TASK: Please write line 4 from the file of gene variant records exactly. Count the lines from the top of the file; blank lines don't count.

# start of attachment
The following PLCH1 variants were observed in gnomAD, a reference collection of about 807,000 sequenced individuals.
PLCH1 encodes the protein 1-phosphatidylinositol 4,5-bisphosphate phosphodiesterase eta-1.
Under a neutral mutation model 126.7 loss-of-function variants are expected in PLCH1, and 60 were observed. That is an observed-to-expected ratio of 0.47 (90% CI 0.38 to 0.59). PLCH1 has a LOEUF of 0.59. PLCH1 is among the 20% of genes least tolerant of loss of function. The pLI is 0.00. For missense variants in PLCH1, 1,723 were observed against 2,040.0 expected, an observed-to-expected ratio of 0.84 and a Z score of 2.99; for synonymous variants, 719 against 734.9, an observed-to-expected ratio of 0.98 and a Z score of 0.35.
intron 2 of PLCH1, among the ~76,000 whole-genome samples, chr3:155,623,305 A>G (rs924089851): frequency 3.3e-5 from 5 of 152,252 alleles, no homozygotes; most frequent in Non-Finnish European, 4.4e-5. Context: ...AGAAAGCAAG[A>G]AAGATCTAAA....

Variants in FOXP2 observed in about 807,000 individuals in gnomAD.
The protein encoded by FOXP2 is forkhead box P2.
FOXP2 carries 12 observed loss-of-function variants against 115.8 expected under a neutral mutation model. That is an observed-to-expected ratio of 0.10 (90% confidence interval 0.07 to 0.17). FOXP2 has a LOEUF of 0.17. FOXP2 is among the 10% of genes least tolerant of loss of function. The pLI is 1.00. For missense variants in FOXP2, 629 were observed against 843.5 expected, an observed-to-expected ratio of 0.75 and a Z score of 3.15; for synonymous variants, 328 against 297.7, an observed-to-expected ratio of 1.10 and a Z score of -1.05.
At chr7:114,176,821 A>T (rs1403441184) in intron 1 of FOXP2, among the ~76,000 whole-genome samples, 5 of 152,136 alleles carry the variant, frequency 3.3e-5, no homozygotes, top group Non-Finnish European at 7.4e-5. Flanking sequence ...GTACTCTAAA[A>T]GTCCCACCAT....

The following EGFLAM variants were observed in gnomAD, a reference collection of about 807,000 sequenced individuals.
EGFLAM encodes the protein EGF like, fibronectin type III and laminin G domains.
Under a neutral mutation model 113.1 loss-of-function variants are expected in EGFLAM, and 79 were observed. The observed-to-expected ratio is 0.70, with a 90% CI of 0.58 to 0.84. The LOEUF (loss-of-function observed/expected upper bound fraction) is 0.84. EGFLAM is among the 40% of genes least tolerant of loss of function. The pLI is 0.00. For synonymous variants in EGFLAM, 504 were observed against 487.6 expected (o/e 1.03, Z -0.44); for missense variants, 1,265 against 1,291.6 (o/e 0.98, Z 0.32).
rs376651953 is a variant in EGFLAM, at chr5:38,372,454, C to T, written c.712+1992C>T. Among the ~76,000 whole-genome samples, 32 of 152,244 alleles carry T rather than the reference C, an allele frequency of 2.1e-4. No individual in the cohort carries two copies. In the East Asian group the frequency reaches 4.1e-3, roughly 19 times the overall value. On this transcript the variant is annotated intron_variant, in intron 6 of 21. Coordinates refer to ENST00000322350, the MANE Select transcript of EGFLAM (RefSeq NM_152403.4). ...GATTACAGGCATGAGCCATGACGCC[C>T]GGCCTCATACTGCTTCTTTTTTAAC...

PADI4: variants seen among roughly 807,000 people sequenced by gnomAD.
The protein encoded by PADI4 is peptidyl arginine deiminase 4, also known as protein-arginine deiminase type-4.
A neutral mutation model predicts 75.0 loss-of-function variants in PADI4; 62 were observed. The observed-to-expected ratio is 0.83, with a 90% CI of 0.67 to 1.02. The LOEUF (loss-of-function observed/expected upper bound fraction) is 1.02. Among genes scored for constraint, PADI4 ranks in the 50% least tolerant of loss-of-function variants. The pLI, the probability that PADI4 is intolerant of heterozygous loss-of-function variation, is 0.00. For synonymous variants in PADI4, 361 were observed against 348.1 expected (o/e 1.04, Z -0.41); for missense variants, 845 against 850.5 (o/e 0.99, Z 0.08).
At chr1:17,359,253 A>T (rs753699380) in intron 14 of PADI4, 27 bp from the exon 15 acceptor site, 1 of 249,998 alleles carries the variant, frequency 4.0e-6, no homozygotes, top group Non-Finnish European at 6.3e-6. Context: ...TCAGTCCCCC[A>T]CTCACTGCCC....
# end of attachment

intron 2 of PLCH1, among the ~76,000 whole-genome samples, chr3:155,623,305 A>G (rs924089851): frequency 3.3e-5 from 5 of 152,252 alleles, no homozygotes; most frequent in Non-Finnish European, 4.4e-5. Context: ...AGAAAGCAAG[A>G]AAGATCTAAA....